- Build Relationships. This seems like more of a marketing tip, but it is also a risk prevention strategy. I have seen many a potential dispute get resolved with minimal or no intervention on my part simply because the general and subcontractor had a good working relationship. With the right team oriented approach and communication many a jobsite problem can be resolved in the pre-dispute stage. If the two companies don’t know each other, this is less likely to occur.
- Communicate Up Front. I know, I beat this drum a lot. Why? Because it’s a big deal. Setting the right expectations through proper communication and negotiation on the front end will set the terms of the “deal” and give all involved a guide for how to deal with problems as they occur.
Following these three tips will help you avoid construction disputes and the hefty attorney fees that come with the prosecution of those disputes.
Can you think of other tips that we can add to the list? Let Melissa and me know.
Thanks Chris! As always, you hit the nail on the head (pun intended). For those that don’t already follow Chris’ blog (and why don’t you???), do check it out and show him some blog love. You’ll learn a lot, and be glad you did.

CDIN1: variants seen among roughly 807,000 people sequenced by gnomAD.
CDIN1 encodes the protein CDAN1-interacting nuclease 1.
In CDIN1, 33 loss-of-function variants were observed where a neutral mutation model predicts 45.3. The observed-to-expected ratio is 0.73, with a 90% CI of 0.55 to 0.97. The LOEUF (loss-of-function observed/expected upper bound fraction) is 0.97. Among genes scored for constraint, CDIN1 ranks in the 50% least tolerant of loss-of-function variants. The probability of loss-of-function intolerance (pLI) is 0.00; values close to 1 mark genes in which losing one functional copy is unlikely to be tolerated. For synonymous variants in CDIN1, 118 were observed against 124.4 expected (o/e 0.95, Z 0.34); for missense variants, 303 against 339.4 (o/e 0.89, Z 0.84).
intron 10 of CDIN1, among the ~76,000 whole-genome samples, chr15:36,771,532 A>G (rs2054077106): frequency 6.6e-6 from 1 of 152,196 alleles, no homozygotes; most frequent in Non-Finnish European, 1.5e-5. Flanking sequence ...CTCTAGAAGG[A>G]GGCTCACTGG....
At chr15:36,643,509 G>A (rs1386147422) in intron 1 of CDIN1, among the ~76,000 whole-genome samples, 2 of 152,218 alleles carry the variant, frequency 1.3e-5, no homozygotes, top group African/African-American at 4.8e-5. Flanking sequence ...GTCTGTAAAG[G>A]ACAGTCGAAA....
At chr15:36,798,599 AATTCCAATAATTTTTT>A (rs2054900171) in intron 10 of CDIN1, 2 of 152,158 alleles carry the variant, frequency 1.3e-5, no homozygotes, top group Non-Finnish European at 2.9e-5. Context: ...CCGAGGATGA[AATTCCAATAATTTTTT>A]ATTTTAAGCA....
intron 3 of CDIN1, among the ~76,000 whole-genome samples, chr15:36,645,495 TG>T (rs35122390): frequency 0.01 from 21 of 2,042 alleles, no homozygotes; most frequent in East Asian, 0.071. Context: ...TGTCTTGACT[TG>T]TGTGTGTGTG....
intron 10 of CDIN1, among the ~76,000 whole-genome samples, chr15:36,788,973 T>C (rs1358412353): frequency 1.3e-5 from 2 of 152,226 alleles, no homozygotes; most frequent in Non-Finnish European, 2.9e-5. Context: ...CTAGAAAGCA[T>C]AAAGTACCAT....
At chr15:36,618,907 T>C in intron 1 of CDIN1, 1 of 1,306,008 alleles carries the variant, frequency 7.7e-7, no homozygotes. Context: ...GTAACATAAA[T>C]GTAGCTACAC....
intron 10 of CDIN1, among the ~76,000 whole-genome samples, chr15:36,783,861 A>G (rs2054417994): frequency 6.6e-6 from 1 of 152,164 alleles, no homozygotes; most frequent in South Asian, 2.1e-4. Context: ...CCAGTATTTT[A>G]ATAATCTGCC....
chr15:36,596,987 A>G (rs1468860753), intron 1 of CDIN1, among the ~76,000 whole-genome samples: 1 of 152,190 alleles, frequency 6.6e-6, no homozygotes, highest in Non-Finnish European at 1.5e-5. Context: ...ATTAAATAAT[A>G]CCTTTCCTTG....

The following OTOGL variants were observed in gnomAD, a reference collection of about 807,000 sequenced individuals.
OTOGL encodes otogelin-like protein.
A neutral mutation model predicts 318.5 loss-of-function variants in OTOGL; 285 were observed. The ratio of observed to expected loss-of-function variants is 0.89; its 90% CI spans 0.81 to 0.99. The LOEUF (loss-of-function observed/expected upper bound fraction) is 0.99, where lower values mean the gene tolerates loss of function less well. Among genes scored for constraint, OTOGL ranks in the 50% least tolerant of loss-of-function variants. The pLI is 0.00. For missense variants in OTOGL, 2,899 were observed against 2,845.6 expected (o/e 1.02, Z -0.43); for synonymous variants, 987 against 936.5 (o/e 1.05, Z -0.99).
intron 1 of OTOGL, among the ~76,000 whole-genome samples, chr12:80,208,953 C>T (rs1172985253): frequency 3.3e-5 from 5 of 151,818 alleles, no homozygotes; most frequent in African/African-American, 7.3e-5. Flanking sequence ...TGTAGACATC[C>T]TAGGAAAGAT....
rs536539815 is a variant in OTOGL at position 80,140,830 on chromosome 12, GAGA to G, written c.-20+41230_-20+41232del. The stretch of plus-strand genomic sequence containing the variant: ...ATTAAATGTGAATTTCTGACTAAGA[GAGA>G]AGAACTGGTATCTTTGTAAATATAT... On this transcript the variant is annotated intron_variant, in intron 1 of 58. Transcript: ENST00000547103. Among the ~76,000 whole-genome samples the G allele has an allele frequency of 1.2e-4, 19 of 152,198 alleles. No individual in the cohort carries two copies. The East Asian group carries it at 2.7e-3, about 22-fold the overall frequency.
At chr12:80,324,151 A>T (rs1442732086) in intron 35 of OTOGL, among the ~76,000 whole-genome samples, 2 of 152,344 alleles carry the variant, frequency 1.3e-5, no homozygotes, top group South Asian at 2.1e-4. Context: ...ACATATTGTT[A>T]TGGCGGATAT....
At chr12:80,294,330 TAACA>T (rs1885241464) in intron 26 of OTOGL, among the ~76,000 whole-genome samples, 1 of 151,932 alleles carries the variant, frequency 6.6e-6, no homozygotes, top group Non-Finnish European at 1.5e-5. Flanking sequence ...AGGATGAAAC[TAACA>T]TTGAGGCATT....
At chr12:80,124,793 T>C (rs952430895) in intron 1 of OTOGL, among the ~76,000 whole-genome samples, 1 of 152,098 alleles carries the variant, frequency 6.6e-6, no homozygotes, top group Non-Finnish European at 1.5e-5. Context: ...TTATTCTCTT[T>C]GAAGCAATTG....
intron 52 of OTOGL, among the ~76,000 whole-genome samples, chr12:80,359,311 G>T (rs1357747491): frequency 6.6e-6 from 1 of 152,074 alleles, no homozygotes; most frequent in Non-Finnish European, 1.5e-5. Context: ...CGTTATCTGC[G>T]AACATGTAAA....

My husband often travels the back roads between Chapel Hill and Fuquay Varina to visit friends. En route (a circuitous route that goes past Sharon Harris Nuclear Power Plant, among other places), he passes by the “Friendly Grocery”. For those who haven’t had the pleasure, here is a photo of the side of the building in all its glory.
In case you cannot read the list of forbidden activities, I’m re-printed them here (complete with spelling error):
I’m not sure which is the “friendly” part of that sign. In fact, the sign seems to be the antithesis of friendly.
What does this have to do with your construction contracts? Sometimes, in an effort to please the client and/or secure the project, architects and engineers have the habit of being too friendly in their contract language. That is, you make promises or proposals that may promise too much of a good thing for the client. This can cause big problems. Bigger than being towed away from a rural grocery store in the middle of nowhere. You could be putting your insurance coverage at risk.
Have you ever promised to use “best efforts” in your design or plans? Promised to design to a specific LEED standard? Guaranteed 100% satisfaction? You might be putting your errors & omission coverage at issue. By warrantying or guaranteeing something, you are assuming a level of liability well beyond the standard of care required by law. By law, you only need to conform to the standard of care, and your insurance will only provide coverage up to that standard of care. In other words, if you make guarantees or promise “best efforts,” you are contracting to something that will *not* be insured. If something goes wrong, you will be without the benefit of your professional liability coverage.